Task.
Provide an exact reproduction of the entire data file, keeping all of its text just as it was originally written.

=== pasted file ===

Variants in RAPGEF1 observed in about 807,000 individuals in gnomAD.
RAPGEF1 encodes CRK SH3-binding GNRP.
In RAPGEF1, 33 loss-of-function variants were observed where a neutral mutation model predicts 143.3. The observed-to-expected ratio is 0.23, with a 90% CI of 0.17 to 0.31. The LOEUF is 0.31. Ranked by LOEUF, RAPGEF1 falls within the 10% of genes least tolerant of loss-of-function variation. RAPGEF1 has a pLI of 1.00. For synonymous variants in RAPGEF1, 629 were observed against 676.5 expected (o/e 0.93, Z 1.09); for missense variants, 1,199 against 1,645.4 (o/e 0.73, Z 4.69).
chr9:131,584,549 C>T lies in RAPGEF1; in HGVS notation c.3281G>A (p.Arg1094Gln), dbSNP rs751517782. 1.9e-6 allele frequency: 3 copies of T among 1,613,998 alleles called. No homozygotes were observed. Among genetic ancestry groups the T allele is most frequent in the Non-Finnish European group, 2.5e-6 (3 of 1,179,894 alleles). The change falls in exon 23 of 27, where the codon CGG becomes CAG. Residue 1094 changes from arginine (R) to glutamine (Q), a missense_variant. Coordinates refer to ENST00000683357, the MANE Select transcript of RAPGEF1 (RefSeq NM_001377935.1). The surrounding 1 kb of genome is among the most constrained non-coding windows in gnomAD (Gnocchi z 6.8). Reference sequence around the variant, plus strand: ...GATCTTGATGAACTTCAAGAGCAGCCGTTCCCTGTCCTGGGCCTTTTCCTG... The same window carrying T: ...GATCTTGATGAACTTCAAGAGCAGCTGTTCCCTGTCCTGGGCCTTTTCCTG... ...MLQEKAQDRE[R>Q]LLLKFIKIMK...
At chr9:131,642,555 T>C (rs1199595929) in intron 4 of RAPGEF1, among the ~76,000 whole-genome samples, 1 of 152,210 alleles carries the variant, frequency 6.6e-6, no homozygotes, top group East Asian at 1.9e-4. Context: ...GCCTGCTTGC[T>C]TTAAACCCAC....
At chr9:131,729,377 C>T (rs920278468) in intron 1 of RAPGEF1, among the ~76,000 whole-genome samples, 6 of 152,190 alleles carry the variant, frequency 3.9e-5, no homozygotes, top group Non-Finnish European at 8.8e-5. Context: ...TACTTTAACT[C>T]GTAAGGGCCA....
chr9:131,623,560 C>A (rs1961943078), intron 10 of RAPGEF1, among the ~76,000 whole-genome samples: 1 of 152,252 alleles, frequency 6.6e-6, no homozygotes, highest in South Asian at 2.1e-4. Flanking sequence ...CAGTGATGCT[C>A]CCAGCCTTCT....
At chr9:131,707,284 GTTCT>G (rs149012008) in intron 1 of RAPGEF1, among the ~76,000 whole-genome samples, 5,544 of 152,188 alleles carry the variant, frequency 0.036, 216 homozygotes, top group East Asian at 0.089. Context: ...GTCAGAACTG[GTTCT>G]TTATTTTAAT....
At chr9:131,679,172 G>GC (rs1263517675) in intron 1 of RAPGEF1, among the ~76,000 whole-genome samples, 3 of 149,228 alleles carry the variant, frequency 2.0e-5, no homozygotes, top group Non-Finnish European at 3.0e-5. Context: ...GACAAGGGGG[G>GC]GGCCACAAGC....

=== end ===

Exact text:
Variants in RAPGEF1 observed in about 807,000 individuals in gnomAD.
RAPGEF1 encodes CRK SH3-binding GNRP.
In RAPGEF1, 33 loss-of-function variants were observed where a neutral mutation model predicts 143.3. The observed-to-expected ratio is 0.23, with a 90% CI of 0.17 to 0.31. The LOEUF is 0.31. Ranked by LOEUF, RAPGEF1 falls within the 10% of genes least tolerant of loss-of-function variation. RAPGEF1 has a pLI of 1.00. For synonymous variants in RAPGEF1, 629 were observed against 676.5 expected (o/e 0.93, Z 1.09); for missense variants, 1,199 against 1,645.4 (o/e 0.73, Z 4.69).
chr9:131,584,549 C>T lies in RAPGEF1; in HGVS notation c.3281G>A (p.Arg1094Gln), dbSNP rs751517782. 1.9e-6 allele frequency: 3 copies of T among 1,613,998 alleles called. No homozygotes were observed. Among genetic ancestry groups the T allele is most frequent in the Non-Finnish European group, 2.5e-6 (3 of 1,179,894 alleles). The change falls in exon 23 of 27, where the codon CGG becomes CAG. Residue 1094 changes from arginine (R) to glutamine (Q), a missense_variant. Coordinates refer to ENST00000683357, the MANE Select transcript of RAPGEF1 (RefSeq NM_001377935.1). The surrounding 1 kb of genome is among the most constrained non-coding windows in gnomAD (Gnocchi z 6.8). Reference sequence around the variant, plus strand: ...GATCTTGATGAACTTCAAGAGCAGCCGTTCCCTGTCCTGGGCCTTTTCCTG... The same window carrying T: ...GATCTTGATGAACTTCAAGAGCAGCTGTTCCCTGTCCTGGGCCTTTTCCTG... ...MLQEKAQDRE[R>Q]LLLKFIKIMK...
At chr9:131,642,555 T>C (rs1199595929) in intron 4 of RAPGEF1, among the ~76,000 whole-genome samples, 1 of 152,210 alleles carries the variant, frequency 6.6e-6, no homozygotes, top group East Asian at 1.9e-4. Context: ...GCCTGCTTGC[T>C]TTAAACCCAC....
At chr9:131,729,377 C>T (rs920278468) in intron 1 of RAPGEF1, among the ~76,000 whole-genome samples, 6 of 152,190 alleles carry the variant, frequency 3.9e-5, no homozygotes, top group Non-Finnish European at 8.8e-5. Context: ...TACTTTAACT[C>T]GTAAGGGCCA....
chr9:131,623,560 C>A (rs1961943078), intron 10 of RAPGEF1, among the ~76,000 whole-genome samples: 1 of 152,252 alleles, frequency 6.6e-6, no homozygotes, highest in South Asian at 2.1e-4. Flanking sequence ...CAGTGATGCT[C>A]CCAGCCTTCT....
At chr9:131,707,284 GTTCT>G (rs149012008) in intron 1 of RAPGEF1, among the ~76,000 whole-genome samples, 5,544 of 152,188 alleles carry the variant, frequency 0.036, 216 homozygotes, top group East Asian at 0.089. Context: ...GTCAGAACTG[GTTCT>G]TTATTTTAAT....
At chr9:131,679,172 G>GC (rs1263517675) in intron 1 of RAPGEF1, among the ~76,000 whole-genome samples, 3 of 149,228 alleles carry the variant, frequency 2.0e-5, no homozygotes, top group Non-Finnish European at 3.0e-5. Context: ...GACAAGGGGG[G>GC]GGCCACAAGC....